Location BIAA, 154 Atatürk Bulvarı, and online
Date and time
Tuesday 23 January 2024
16:00 - 17:30 (London GMT)
19:00 - 20:30 (Ankara UTC+3)
Hatay Mustafa Kemal University
The contradictory concepts of digging up the past and preserving the past form a duality. The very act of unearthing requires a causality of irreversible actions. This creates a dilemma for archaeologists with regard to where and when to stop digging; what to preserve and what not to. This decision-making process is subjective and informed by individual or organizational agendas. This talk addresses these contradictory concepts through the legacy Bronze Age capital city of the Kingdom of Mukish: Tell Atchana, Alalakh (Hatay, Türkiye), currently under the care of a team of archaeologists, conservators and cultural heritage specialists to preserve the severely damaged mud brick monuments due to the 6th February Kahramanmaraş earthquakes.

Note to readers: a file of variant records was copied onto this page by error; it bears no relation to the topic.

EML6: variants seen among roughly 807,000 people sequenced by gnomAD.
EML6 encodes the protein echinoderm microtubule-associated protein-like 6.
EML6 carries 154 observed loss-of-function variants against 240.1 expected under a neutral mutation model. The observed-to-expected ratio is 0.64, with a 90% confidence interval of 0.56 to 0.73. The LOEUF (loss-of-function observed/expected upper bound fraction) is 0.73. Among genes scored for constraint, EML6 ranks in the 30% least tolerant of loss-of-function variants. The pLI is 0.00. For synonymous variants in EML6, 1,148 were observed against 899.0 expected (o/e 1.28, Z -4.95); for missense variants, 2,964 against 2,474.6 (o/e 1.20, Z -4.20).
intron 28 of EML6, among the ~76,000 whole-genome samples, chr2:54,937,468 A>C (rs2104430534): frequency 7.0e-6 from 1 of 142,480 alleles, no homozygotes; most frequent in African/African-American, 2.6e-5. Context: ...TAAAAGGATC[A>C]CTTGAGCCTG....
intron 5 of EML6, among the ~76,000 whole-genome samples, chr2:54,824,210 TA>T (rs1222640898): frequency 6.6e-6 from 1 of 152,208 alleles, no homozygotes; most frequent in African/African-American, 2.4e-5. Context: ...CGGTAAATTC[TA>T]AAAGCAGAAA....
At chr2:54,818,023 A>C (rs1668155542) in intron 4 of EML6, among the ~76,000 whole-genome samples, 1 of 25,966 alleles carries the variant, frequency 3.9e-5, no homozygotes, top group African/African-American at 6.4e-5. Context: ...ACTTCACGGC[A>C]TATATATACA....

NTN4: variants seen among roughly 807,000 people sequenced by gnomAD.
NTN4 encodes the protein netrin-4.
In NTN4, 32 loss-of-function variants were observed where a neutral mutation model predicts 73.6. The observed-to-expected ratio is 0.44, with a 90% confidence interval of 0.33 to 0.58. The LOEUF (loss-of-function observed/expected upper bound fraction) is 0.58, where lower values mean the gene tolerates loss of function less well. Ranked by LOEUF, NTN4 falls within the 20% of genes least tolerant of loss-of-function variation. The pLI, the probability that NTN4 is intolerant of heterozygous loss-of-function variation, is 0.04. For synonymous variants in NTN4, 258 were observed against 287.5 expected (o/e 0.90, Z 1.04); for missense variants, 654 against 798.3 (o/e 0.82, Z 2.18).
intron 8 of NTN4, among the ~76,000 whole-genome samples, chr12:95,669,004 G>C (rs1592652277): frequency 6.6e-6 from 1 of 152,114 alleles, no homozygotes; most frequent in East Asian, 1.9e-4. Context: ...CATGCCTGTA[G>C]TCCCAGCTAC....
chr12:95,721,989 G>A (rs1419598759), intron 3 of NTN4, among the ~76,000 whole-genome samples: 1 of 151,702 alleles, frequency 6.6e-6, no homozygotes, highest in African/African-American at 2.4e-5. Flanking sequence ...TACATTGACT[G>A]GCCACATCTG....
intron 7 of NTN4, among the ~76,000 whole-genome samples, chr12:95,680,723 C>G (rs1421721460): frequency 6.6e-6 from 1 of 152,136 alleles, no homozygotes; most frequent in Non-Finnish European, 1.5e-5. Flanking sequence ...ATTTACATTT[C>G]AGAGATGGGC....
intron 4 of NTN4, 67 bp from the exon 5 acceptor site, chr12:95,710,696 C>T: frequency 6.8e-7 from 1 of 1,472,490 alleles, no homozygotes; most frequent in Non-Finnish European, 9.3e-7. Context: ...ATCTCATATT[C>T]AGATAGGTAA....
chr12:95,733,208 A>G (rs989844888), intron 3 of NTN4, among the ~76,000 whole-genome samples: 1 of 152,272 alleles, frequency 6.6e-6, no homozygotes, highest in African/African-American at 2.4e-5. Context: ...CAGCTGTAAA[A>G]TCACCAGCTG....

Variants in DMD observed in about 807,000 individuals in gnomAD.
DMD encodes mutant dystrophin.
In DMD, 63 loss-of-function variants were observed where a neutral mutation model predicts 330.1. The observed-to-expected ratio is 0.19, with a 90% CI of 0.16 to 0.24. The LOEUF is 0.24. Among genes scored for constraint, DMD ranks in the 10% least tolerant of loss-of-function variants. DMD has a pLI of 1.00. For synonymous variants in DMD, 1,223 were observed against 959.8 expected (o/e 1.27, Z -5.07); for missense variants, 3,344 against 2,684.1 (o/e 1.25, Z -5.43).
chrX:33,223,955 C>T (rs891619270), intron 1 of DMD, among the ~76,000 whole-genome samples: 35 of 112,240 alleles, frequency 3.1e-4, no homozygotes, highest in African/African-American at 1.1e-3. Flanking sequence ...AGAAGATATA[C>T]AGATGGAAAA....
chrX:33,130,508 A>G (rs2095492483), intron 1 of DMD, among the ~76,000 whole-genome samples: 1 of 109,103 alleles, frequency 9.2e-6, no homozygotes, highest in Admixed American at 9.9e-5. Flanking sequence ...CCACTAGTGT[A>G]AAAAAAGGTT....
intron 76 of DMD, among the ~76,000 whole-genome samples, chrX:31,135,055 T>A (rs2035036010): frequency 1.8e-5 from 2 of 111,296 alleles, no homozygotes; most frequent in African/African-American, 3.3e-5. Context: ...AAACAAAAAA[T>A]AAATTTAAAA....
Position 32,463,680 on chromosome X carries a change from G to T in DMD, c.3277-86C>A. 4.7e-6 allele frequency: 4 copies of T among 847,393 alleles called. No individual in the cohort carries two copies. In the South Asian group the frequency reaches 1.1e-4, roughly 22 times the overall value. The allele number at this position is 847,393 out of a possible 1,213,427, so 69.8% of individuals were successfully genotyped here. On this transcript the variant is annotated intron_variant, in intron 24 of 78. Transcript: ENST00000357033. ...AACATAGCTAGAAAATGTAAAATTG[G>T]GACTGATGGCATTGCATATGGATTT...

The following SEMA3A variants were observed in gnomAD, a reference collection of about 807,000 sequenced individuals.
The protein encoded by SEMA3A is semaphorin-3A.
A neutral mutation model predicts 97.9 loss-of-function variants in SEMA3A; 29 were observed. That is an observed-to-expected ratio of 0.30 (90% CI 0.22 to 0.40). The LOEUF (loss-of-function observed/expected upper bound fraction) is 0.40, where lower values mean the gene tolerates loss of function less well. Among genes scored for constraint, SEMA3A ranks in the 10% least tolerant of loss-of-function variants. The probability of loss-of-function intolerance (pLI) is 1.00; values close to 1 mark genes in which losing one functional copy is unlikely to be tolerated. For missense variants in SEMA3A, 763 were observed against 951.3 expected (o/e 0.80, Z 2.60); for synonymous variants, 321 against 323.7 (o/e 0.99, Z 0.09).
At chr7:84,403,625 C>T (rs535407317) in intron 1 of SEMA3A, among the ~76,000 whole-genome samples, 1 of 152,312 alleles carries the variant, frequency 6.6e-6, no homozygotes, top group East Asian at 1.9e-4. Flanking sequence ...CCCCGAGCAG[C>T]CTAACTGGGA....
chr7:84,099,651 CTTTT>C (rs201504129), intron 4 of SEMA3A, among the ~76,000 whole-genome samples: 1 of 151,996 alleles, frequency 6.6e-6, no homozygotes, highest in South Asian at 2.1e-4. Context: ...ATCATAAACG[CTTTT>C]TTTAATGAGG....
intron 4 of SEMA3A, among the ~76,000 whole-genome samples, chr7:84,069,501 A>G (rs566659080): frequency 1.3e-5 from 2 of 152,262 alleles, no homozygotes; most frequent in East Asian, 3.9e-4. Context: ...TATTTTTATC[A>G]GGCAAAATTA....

Murat Akar obtained his BA from Bilkent University Department of Archaeology and History of Art; his MSc in Settlement Archaeology from the Middle East Technical University and his PhD in Near Eastern Archaeology from the University of Florence in Italy. He has previously held research fellowships at ANAMED and the Koç University, Archaeology and History of Art Department. He has been teaching at Hatay Mustafa Kemal University, Department of Archaeology since 2016. He is the director of the Amuq Valley Regional Survey Project and the excavations at Tell Atchana, Alalakh. He is also the scientific advisor to the excavations at Toprakhisar Höyük run by Hatay Archaeological Museum. His research areas include architecture, memory, and landscape studies, particularly for the 2nd millennium BC Anatolia, the Near East, and the Levant. His current research addresses the role of climate in the longue durée for understanding the continuously shifting population dynamics and cross-cultural encounters in Eastern Mediterranean contexts as part of the Tübitak 1001 project entitled “Geological and Archaeological Traces of Climatic Changes in the Amuq Valley of Hatay during the Holocene”.